Friends Of Steve McQueen Show Celebrates 50 Years Of Bullitt

“There sure are a lot of green Mustangs here,” was the comment overheard in the crowd at The Friends of Steve McQueen Car and Motorcycle Show held at Boys Republic in Chino Hills, California, on June 2, 2018. And for sure there were, as the event was themed around the 50th anniversary of the movie Bullitt, so you know what that meant — a sea of Highland Green Mustangs and one black Dodge Charger.

Everyone in the Bullitt Mustang universe was represented, with Ford making it three generations of Bullitts on hand, thanks to two 2019 examples of the breed. At the other end of the pipeline a handful of Highland Green ’68 fastbacks were on-site, the cars most identifiable with the movie even if the Bullitt name was never applied as a specific model until 2001.

Officer Frank Bullitt put on an overwhelming show of force at The Friends of Steve McQueen Car and Motorcycle show. As expected, show center was a sea of Highland Green — although a few of the other Bullitt hues made brave appearances as well to mark the 50th anniversary of the movie. And to think we saw it first run, in a theater!

Of those 2001, 2008 and 2009 Mustangs labeled by Ford as Bullitts, they were parked in long rows at show center on the Boys Republic outdoor running track. We were going to count them for you but never could get all the way through without being interrupted or distracted, so let’s just say there were many; Certainly far more than we’ve ever seen in one spot before.

Like ocean waves, this legion of Bullitts was simultaneously seemingly identical, yet no two were exactly the same. Of course they were nearly all green, but some had bolt-ons, a few had blowers and many were simply stock with the odd daily driver license plate frame or sticker.

Kary Kidder drove to Boys Republic from Maple Valley, Washington, so she had a few bugs to wipe off before judging began. Kary is the spark plug behind MustangMommas.com, an all-female social and cruising club with members nationwide, and was able to convoy with friends as far as Sacramento. The trip was issue-free, but Kary admits, “I got a little fun in,” along the way.

Bullitt folks, at least those appearing at the Boys Republic show, are a clubby lot, flocking together online and simply enjoying their cars as the superb daily drivers they are. Never the most powerful of specialty Mustangs, the Bullitts have always been about real-world performance, that oh-so-difficult to engineer combination of quick, stable handling; a bit more power; and everyday manners. They match their namesake’s quietly cool persona and it was great to see so many out in one spot.

Likely the most populated class of Bullitts was the 2008-2009 group, but it narrowly edged the first-gen 2001 Bullitts, which were out in force as well. They all looked good in the bright morning light. Clustered in their own section of the Boys Republic running track, the ’01 Bullitts easily showed why the model was an instant success. The bright light is no illusion; The Friends of Steve McQueen show seems to have a lock on bright, sunny and warm weather.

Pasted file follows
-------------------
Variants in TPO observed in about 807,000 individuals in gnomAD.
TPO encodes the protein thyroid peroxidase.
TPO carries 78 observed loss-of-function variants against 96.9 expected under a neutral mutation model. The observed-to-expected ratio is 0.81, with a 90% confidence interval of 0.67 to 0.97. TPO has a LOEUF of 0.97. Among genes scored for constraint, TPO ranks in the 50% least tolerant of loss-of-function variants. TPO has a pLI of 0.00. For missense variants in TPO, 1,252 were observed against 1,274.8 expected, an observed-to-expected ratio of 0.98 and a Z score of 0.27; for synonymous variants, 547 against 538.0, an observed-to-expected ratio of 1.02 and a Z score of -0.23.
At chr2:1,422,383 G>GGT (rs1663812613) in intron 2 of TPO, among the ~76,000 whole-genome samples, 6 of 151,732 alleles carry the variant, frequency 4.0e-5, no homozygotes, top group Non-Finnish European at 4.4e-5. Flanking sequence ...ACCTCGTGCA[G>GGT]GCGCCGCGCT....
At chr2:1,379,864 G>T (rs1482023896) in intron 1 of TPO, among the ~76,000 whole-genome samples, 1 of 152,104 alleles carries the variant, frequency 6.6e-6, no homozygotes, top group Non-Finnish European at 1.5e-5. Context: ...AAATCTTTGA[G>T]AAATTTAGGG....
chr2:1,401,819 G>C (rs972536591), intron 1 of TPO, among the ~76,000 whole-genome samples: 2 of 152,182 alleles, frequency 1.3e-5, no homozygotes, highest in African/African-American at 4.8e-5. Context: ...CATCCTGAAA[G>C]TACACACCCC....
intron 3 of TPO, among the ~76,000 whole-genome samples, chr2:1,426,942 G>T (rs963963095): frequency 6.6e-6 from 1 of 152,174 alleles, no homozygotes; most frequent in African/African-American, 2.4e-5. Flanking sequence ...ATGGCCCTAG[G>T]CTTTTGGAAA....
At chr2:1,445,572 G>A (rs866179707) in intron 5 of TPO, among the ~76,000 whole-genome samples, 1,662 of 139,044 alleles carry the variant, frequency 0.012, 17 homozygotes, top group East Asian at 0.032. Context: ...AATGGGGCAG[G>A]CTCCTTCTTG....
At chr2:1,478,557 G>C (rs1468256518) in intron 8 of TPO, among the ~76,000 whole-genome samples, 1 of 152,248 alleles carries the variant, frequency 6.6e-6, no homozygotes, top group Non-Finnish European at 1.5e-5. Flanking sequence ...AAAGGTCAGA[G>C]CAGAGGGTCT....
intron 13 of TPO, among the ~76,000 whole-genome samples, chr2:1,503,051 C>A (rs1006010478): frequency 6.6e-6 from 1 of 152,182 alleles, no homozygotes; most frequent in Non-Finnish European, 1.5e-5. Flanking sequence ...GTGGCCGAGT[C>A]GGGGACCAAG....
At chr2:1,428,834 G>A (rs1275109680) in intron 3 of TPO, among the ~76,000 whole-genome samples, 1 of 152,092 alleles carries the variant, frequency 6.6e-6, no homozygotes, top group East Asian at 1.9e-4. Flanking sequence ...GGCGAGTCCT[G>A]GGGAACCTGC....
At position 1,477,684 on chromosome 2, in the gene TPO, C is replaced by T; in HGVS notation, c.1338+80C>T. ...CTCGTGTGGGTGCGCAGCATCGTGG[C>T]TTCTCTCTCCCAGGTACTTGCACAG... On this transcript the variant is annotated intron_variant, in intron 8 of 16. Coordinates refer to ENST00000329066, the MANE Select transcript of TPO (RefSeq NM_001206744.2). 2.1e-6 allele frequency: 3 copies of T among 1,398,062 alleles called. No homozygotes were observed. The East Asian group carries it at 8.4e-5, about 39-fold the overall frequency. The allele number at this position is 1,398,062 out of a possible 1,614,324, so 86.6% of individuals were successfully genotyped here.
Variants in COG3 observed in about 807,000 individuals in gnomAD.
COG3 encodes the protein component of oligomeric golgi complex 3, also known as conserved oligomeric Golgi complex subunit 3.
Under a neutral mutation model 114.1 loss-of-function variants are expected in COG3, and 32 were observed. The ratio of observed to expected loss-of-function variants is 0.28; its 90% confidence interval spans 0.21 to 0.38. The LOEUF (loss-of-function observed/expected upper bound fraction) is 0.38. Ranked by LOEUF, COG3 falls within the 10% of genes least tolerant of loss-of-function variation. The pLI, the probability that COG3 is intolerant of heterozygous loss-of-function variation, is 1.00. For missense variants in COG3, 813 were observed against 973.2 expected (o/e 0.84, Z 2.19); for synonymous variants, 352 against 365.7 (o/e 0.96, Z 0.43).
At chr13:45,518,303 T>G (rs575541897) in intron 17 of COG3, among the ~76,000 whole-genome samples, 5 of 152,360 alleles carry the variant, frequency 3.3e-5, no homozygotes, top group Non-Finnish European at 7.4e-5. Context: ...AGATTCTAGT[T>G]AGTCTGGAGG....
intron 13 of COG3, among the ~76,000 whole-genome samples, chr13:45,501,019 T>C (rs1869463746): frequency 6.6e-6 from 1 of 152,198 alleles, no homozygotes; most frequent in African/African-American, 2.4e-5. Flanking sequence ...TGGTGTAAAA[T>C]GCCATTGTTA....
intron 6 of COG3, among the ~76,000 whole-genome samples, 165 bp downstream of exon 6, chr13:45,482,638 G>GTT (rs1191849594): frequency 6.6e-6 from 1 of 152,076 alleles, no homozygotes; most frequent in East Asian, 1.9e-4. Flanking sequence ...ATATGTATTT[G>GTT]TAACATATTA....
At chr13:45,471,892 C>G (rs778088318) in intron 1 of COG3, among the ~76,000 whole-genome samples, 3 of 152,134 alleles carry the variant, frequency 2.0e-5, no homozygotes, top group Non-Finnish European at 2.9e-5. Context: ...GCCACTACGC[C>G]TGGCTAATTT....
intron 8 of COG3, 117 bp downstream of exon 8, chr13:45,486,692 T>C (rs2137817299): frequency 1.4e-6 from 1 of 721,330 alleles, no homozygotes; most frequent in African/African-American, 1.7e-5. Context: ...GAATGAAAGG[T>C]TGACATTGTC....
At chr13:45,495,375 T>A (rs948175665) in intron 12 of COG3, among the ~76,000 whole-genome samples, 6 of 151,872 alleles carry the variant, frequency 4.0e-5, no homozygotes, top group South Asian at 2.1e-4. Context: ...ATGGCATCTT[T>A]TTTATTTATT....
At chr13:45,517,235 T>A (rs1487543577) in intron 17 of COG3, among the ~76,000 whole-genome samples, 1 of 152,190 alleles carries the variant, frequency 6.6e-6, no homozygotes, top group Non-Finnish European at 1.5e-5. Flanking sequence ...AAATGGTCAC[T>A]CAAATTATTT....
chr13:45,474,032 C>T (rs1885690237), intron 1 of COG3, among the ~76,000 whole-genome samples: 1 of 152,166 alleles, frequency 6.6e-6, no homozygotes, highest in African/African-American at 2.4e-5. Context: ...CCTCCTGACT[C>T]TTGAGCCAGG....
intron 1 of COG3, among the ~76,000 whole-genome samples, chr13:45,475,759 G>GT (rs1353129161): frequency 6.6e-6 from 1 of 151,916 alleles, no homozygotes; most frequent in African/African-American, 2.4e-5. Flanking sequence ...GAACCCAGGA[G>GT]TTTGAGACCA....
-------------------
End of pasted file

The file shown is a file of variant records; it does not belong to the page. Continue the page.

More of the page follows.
And speaking of driving, some Bullitts were wearing license plates from states far from California thanks to the Hoondog Legend Lives Route 66 Tour that had the faithful searching for Radiator Springs all the way from Chicago to Santa Monica along the Mother Road. Try as we might we never did get the inside scoop on what happened on the tour — mainly everyone was out ogling cars as we made our rounds — but the quick word was everyone had a good time, and no tow trucks, police cars or ambulances were involved. Furthermore, the eager drivers were headed north to San Francisco after the Steve McQueen show, so the fun was continuing.

There were no Bullitt Mustangs 50 years ago, only Mustang fastbacks painted Highland Green and maybe sporting the popular Torque Thrust D wheels. Copying the movie car was not a thing, but mean and green was definitely cool and these were fly rides in their day. There were a handful of such cars at TFSMC&M show.

Once past Mustangs the McQueen car show has proven a first-rate event. Unlike most we report on, the McQueen gig is a many-faceted event, so Mustangs play just one part. A fundraiser for the Boys Republic where Steve McQueen lived as a youth, the show is always themed around something Steve McQueen was interested or involved in.

Ford ran two 2019 Bullitt prototypes in the Hoondog Route 66 cruise to Boys Republic, and they look good! The pair drew their share of attention from the crowd, but weren’t thronged as they’ve been seen already.

Boys Republic

Steve McQueen’s manly cool may evoke envy from the cubicle crowd, but it evolved in part from his troubled early years. Luckily the courts sent Steve to Boys Republic, a private facility for just such youths, and he turned himself around with the great guidance the facility’s reputation implies.